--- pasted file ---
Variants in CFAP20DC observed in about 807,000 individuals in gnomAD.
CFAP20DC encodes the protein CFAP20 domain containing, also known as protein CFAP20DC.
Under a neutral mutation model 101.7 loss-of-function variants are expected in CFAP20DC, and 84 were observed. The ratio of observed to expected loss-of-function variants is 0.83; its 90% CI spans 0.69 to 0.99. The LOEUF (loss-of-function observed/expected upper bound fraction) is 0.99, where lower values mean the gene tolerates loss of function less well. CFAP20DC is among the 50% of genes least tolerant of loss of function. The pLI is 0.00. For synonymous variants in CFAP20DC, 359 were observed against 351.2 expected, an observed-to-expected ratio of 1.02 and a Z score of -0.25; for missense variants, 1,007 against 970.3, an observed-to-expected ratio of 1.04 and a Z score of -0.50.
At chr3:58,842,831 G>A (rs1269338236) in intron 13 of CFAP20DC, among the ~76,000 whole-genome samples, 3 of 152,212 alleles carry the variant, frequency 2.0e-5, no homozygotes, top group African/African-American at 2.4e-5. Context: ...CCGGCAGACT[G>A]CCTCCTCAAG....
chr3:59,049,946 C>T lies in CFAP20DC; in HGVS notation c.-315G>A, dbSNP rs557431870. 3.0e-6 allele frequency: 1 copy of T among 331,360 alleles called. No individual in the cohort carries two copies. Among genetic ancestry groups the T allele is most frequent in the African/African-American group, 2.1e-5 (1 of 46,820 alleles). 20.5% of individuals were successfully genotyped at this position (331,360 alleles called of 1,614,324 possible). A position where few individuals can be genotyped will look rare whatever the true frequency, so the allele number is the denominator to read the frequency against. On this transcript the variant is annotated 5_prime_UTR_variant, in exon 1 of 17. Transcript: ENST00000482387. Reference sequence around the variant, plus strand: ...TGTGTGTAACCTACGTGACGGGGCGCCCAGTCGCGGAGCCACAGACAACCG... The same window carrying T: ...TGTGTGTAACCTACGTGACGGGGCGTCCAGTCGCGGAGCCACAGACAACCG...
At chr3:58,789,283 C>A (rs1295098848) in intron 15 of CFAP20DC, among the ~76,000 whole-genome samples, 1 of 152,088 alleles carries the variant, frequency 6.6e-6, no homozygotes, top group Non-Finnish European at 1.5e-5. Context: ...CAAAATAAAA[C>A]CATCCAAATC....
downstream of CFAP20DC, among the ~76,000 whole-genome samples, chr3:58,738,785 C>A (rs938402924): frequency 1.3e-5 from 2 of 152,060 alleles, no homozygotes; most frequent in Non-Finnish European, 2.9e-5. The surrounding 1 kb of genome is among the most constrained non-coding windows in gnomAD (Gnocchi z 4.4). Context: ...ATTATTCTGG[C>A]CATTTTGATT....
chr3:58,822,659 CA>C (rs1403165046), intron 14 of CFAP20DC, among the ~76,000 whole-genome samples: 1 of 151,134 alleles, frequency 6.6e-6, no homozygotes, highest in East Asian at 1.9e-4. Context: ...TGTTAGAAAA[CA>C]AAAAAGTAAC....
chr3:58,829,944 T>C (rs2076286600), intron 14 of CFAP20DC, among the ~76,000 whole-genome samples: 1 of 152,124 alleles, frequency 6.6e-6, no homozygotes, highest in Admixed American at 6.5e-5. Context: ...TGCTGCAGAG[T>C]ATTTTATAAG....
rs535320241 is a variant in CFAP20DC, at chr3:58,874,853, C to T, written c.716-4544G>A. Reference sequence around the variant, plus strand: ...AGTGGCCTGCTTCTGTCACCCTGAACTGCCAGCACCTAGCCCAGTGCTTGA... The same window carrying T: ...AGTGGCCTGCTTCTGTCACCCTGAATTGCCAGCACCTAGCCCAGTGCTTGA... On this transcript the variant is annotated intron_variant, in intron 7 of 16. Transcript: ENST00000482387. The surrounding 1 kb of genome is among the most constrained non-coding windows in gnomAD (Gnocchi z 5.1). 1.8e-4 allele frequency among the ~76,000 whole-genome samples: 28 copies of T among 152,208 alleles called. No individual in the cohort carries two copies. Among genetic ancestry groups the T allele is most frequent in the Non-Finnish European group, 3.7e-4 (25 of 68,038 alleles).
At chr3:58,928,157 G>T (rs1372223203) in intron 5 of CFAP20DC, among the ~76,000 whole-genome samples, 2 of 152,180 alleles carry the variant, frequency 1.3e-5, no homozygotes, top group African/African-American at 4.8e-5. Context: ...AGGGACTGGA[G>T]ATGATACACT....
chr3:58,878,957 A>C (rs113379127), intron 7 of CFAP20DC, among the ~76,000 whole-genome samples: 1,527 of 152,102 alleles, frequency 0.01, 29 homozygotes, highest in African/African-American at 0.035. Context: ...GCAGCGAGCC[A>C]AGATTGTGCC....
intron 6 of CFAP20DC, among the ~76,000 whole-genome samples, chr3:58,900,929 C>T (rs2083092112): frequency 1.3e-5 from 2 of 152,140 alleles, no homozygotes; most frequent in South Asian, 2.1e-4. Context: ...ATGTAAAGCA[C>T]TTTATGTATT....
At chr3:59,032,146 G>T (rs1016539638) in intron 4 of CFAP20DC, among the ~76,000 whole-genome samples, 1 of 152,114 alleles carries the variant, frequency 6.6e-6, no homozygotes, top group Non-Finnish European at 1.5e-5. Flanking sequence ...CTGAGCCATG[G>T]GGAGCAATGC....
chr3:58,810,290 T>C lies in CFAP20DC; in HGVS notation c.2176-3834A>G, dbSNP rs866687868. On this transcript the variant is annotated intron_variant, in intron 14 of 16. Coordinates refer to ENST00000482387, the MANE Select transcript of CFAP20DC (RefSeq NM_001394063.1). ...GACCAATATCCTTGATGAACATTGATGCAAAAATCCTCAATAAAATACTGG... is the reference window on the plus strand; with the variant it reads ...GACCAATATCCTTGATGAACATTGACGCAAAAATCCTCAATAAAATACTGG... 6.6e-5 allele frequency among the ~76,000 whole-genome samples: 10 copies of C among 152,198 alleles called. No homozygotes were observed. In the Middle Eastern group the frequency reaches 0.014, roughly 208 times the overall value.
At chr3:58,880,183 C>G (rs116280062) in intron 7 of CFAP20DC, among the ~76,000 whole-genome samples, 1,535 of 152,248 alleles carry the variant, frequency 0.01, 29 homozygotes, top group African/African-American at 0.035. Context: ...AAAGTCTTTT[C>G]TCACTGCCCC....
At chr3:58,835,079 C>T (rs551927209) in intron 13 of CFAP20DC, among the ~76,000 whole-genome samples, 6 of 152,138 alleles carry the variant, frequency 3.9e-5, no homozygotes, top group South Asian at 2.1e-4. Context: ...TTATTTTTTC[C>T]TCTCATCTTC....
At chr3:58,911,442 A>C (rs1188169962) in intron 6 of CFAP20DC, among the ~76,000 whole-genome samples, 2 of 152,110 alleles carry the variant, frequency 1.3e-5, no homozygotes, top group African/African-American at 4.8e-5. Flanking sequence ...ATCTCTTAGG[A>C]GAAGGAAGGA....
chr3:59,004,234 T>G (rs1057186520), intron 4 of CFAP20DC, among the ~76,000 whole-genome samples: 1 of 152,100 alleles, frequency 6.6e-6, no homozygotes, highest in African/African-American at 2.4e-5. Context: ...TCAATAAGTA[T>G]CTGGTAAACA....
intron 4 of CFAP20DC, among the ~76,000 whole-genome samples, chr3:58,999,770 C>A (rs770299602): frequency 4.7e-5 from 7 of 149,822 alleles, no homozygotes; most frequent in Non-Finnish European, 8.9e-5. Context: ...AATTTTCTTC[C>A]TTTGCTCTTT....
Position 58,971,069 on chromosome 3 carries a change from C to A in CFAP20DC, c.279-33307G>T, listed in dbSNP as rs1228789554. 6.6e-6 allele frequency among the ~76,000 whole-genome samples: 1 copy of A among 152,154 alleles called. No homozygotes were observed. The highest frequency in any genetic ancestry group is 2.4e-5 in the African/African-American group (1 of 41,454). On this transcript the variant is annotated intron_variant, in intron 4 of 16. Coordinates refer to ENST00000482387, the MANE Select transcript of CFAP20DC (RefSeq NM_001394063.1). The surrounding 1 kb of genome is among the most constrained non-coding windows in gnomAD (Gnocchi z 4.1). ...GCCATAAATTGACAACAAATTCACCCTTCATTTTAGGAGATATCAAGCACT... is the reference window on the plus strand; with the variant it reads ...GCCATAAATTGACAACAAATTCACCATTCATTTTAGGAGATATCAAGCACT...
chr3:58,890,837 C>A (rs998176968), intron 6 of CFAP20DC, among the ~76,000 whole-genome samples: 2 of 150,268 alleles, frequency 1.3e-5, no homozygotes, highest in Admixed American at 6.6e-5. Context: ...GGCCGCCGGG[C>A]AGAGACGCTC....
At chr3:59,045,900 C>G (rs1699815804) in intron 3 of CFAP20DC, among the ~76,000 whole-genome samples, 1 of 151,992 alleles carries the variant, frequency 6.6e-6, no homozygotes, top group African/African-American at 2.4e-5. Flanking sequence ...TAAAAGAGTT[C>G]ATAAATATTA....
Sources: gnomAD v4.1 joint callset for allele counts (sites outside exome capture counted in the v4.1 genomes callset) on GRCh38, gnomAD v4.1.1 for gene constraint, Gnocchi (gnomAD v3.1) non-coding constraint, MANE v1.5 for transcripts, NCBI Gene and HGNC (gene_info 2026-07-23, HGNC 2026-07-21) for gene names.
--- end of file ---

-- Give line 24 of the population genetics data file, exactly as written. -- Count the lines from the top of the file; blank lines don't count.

Sources: gnomAD v4.1 joint callset for allele counts (sites outside exome capture counted in the v4.1 genomes callset) on GRCh38, gnomAD v4.1.1 for gene constraint, Gnocchi (gnomAD v3.1) non-coding constraint, MANE v1.5 for transcripts, NCBI Gene and HGNC (gene_info 2026-07-23, HGNC 2026-07-21) for gene names.